It’s an age old question that tends to come up in any discussion about the validity of Las Vegas as a professional sports market. If Vegas is really a great place for a franchise, why has no league ever gone there before?
The answer is quite simple, but there are a few moving parts to examine to truly uncover it.
Let’s start with the city itself. Las Vegas was founded in 1905 and incorporated (I have no clue what this actually means) in 1911. In 1931 the state of Nevada legalized gambling and the Hoover Dam began construction. Construction workers from the Dam moved into Las Vegas and eventually, after the Dam’s completion, massive casinos went up in the city.
By the mid 60’s casinos became the cornerstones of the city and Las Vegas began it’s reign as the gambling mecca of the world. However, the local population still remained incredibly small. In 1970 the population of the Las Vegas metropolitan area, which includes Henderson, Boulder City, Mesquite, North Las Vegas, and unincorporated Clark County was just 273,000. By 1980 it had risen to 461,000 and in 2000 the total population was 1.4 million.
That brings us to the second party to the question of why a team has never come to Vegas. The professional sports leagues themselves.
Since 2000, when Las Vegas’ population was 1.4 million (700,000 short of where it is now), a total of six franchises have moved and four were introduced via expansion. The NHL saw one team move (ATL to WPG) and two were added via expansion (CBJ, MIN).
Since 2009, the year Las Vegas crossed the 2 million population threshold a total of one team has moved, so the opportunities for Las Vegas to earn its first ever franchise have been slim.
That brings us to today, March 2nd, 2016. Las Vegas is now a booming metropolis that has seen it’s population rise nearly 500% in the past 30 years. A city with a brand new state of the art stadium located on one of the most visited streets on the planet. Has an owner willing to shell out $500 million dollars for entry into the league. And maybe most importantly, 14,000 season tickets already sold to a team that does not yet exist.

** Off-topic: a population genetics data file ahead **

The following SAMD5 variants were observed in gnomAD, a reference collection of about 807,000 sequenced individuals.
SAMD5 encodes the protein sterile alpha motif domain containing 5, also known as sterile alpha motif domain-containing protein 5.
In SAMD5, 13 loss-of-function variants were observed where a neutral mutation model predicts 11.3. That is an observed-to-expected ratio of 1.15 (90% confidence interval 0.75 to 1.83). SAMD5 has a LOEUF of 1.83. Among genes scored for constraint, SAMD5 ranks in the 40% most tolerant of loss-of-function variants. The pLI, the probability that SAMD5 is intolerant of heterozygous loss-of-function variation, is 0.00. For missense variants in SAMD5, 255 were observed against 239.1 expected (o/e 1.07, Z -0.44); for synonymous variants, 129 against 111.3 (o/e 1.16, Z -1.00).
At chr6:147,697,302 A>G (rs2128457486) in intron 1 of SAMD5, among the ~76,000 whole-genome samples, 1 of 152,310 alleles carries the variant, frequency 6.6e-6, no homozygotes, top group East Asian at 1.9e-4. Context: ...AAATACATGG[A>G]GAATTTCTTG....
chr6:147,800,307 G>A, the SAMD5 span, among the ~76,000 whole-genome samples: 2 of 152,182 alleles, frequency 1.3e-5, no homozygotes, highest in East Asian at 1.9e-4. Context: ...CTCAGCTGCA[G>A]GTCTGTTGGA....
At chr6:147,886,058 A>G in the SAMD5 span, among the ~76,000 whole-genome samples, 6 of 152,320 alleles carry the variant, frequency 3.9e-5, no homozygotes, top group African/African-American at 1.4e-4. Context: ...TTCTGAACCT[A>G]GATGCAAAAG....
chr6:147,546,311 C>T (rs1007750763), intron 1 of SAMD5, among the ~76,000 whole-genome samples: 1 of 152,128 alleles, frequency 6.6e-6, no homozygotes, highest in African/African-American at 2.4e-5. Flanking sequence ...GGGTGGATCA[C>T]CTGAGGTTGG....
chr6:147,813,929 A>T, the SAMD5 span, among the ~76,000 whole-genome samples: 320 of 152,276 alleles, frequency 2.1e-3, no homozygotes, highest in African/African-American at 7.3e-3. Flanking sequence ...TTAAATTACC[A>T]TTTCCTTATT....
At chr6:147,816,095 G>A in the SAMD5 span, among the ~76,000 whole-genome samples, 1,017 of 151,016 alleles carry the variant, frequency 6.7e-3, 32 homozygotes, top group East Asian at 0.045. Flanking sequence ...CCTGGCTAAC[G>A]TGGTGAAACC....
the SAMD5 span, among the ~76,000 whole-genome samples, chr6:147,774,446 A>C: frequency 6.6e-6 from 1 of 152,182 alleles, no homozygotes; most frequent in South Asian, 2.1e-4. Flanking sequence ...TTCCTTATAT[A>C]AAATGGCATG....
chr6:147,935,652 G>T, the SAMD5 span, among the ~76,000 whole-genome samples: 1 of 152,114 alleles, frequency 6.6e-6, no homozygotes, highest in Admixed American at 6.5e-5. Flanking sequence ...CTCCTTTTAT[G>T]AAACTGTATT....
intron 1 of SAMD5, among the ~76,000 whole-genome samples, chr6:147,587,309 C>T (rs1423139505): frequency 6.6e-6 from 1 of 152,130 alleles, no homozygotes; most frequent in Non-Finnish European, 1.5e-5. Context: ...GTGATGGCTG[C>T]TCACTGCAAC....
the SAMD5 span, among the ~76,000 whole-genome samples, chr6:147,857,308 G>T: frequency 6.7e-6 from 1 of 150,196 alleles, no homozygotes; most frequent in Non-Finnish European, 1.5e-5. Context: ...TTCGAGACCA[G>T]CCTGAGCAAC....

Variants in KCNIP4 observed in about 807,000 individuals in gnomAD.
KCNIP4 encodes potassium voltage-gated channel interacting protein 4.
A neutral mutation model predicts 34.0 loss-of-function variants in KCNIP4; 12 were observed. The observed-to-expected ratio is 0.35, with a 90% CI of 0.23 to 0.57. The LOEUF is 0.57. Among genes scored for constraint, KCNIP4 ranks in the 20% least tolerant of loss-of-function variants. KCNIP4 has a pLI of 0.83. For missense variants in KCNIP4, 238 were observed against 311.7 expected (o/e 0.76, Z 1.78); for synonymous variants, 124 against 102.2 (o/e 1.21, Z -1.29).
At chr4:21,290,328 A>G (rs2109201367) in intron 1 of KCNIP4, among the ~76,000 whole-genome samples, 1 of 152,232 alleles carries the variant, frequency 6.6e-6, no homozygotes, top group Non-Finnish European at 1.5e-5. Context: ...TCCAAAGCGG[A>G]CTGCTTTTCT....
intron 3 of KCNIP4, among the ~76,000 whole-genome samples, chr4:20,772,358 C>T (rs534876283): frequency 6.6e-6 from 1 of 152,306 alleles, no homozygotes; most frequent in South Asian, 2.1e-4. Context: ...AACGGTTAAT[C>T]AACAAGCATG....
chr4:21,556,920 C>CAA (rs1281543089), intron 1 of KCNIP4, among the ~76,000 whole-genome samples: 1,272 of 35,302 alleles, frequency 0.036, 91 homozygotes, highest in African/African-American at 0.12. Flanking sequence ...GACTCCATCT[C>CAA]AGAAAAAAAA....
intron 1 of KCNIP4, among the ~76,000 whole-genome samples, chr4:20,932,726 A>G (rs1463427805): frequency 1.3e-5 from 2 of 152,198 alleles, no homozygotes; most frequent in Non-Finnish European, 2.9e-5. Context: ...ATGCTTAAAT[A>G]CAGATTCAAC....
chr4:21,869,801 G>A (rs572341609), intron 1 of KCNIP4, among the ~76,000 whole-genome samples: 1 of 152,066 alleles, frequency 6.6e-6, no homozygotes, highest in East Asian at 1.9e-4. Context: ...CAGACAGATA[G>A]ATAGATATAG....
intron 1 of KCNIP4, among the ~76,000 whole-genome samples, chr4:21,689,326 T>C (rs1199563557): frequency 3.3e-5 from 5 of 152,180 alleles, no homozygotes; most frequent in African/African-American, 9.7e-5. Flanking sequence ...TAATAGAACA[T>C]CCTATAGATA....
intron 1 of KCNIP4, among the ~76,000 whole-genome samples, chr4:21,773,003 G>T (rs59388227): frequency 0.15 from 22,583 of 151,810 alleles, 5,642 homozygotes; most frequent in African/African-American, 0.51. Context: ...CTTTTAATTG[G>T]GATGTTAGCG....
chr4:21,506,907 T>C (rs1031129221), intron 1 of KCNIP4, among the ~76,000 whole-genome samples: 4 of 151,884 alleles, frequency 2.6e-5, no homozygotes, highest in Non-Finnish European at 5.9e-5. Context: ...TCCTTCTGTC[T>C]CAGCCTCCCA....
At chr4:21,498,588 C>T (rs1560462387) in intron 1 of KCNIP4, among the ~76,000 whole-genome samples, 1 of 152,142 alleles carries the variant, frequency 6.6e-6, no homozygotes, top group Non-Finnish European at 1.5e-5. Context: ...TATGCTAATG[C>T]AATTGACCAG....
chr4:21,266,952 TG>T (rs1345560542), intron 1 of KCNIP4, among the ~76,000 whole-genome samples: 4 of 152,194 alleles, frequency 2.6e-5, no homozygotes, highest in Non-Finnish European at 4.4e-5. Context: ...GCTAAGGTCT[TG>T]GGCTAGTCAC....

The answer to the question, why has Las Vegas never had a team before, is an easy one. Las Vegas was not ready.
The city was too small. There was not a home for a team. There was no one willing to buy the team. And there was this stigma of “match fixing” attached to the legalization of sports gambling.
Well, Las Vegas’ population is now greater than NINE current NHL cities (Buffalo, Calgary, Columbus, Edmonton, Nashville, Ottawa, Raleigh, San Jose, and Winnipeg).
20,000 seat T-Mobile Arena is set to open April 6th with or without a hockey team coming to town.
The Creator’s signature is on the check.
And the gambling issue has been forced to fade due to the growing popularity of fantasy sports in this country.
Las Vegas is in a place it’s never been in before. Facts prove it unequivocally. And now, when people use “how come no league has ever gone to Vegas before” they may as well be saying, “how come Jack Eichel has never been in the NHL before now.”
We’re all grown up, it’s time. Put us in
coach Bettman, we’re ready to play.